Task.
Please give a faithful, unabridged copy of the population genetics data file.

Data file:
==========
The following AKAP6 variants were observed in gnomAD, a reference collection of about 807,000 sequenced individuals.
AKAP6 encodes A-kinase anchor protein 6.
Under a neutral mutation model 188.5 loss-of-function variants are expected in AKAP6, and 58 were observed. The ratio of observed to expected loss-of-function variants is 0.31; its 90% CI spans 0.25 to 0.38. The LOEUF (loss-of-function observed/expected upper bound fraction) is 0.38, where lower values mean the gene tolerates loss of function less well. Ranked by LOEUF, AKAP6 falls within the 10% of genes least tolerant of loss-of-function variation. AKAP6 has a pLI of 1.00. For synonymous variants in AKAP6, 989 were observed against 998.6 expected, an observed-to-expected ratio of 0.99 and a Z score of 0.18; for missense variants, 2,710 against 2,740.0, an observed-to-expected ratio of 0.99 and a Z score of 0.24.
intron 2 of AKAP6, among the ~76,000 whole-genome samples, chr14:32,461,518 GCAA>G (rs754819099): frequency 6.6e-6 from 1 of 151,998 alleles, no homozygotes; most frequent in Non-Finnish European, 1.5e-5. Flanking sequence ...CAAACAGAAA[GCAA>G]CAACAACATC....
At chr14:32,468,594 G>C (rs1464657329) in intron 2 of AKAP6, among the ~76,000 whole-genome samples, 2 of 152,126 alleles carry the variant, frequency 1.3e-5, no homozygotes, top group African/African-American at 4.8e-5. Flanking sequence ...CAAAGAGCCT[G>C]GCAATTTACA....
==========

The following AKAP6 variants were observed in gnomAD, a reference collection of about 807,000 sequenced individuals.
AKAP6 encodes A-kinase anchor protein 6.
Under a neutral mutation model 188.5 loss-of-function variants are expected in AKAP6, and 58 were observed. The ratio of observed to expected loss-of-function variants is 0.31; its 90% CI spans 0.25 to 0.38. The LOEUF (loss-of-function observed/expected upper bound fraction) is 0.38, where lower values mean the gene tolerates loss of function less well. Ranked by LOEUF, AKAP6 falls within the 10% of genes least tolerant of loss-of-function variation. AKAP6 has a pLI of 1.00. For synonymous variants in AKAP6, 989 were observed against 998.6 expected, an observed-to-expected ratio of 0.99 and a Z score of 0.18; for missense variants, 2,710 against 2,740.0, an observed-to-expected ratio of 0.99 and a Z score of 0.24.
intron 2 of AKAP6, among the ~76,000 whole-genome samples, chr14:32,461,518 GCAA>G (rs754819099): frequency 6.6e-6 from 1 of 151,998 alleles, no homozygotes; most frequent in Non-Finnish European, 1.5e-5. Flanking sequence ...CAAACAGAAA[GCAA>G]CAACAACATC....
At chr14:32,468,594 G>C (rs1464657329) in intron 2 of AKAP6, among the ~76,000 whole-genome samples, 2 of 152,126 alleles carry the variant, frequency 1.3e-5, no homozygotes, top group African/African-American at 4.8e-5. Flanking sequence ...CAAAGAGCCT[G>C]GCAATTTACA....